Suddenly it hovered, and then dropped into the grass, this allowed me to reset the the ISO to something a little more slower, and hopefully less grainy. It stayed on the ground for a while, and then was off, flying past us and around the field again. At times it came quite close, and we had superb views.
I am now convinced this is a male, it is very light, and there are very few spots on the chest or around the head and neck. After awhile it flew over to the corner, and perched on the fence rail. It was always turning the head though, focusing the sound into the facial disc. The it was off again, and this time gave a really close fly past.
I really like this picture as the slight blur on the wings shroud the head, emphasising the stillness and concentration as the owl looks and listens, it also shows the formidable talons!
I looked into the myths surrounding the Barn Owl, and why most of the literature depicts them as an evil bird. It would appear the owl had a sinister reputation probably because it was a bird of darkness, and darkness was always associated with death. The Barn Owl being white was probably even more sinister, projecting the image of a ghost as it flew around the buildings. During the eighteenth and nineteenth centuries, the poets Robert Blair and William Wordsworth used the Barn Owl as their favourite "bird of doom." During that same period many people believed that the screech or call of an Owl flying past the window of a sick person meant imminent death. Up until the nineteenth century it was customary in England to nail a dead Barn Owl to the house door to ward off evil and strangely lightning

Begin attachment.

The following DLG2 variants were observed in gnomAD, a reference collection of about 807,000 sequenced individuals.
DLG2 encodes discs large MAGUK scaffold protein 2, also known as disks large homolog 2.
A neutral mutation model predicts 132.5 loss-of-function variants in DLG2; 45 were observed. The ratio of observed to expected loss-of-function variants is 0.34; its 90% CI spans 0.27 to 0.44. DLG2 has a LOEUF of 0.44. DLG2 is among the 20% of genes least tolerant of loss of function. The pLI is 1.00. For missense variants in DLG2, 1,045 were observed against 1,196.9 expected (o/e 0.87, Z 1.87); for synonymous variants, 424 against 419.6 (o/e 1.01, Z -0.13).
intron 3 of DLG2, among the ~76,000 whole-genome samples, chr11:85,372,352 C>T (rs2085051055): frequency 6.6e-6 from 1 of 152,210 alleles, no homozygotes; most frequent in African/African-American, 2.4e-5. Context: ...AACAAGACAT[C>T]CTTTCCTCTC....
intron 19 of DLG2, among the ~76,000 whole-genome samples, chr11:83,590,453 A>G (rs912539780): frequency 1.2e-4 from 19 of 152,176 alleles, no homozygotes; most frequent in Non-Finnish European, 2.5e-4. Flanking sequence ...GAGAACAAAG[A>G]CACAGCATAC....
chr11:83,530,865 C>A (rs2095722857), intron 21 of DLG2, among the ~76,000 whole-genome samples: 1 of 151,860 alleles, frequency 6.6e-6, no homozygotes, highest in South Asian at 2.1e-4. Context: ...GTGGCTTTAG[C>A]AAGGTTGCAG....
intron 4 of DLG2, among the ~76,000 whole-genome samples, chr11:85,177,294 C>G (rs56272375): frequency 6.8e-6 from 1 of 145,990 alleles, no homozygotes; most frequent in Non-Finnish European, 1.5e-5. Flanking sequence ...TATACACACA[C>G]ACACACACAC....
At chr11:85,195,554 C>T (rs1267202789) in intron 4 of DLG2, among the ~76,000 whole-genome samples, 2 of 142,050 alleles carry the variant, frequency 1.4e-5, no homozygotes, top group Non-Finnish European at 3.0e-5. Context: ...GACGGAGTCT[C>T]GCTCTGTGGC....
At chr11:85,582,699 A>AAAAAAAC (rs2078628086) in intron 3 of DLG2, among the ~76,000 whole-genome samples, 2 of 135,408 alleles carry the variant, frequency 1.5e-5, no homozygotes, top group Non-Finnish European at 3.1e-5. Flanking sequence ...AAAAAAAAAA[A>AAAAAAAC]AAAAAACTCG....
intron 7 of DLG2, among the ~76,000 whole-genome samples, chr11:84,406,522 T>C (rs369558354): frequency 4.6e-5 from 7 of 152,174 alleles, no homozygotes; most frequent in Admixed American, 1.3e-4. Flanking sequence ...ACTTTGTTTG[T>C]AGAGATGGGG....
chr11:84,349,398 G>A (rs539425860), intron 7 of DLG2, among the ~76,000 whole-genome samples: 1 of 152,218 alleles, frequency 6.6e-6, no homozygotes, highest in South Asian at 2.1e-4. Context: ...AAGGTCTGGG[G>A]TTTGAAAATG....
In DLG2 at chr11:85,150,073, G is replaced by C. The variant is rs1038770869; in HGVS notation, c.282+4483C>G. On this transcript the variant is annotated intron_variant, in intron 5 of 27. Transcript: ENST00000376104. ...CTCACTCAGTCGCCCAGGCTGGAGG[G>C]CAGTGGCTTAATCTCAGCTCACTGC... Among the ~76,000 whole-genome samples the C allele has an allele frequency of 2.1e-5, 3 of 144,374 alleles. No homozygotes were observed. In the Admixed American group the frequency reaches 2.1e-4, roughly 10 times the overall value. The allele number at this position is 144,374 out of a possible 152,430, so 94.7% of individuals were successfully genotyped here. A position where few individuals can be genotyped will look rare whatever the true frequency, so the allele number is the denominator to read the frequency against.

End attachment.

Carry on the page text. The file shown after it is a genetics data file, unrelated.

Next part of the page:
My post title comes from a poem written by Cynewulf who was an Anglo Saxon poet from the ninth century. he apparently wrote religious poems. I could not find the context of this line, but once again it depicts the ghostly appearance and its hunting stealth.
After another rest it was off again, flying with that ease and silence that you only see with a Barn Owl, it then put on a display of the hunting technique, twisting and turning the head to focus on the sounds in the grass while almost hovering.
After dropping to the grass again it came back up and lazily made its way to the corner of the field, but this time went over the hedge, and we watched it fly up the lane and out of sight. We set off to see if we could find it, but there we were unable to relocate it. It was still dark, and the bull in the field watched us from his position close to the tree. He looked really threatening and imposing as he stood there along side the tree silhouetted against the sky.
As usual a couple of hares were by the hedge, and while we were watching the owl, the cries of young buzzards could be heard from the woods. We decided not to pass the bull, and that we had just seen the highlight of the evening, and as there was work to do, we headed back to the car and home. We are going to be a bit busy over the next few weeks!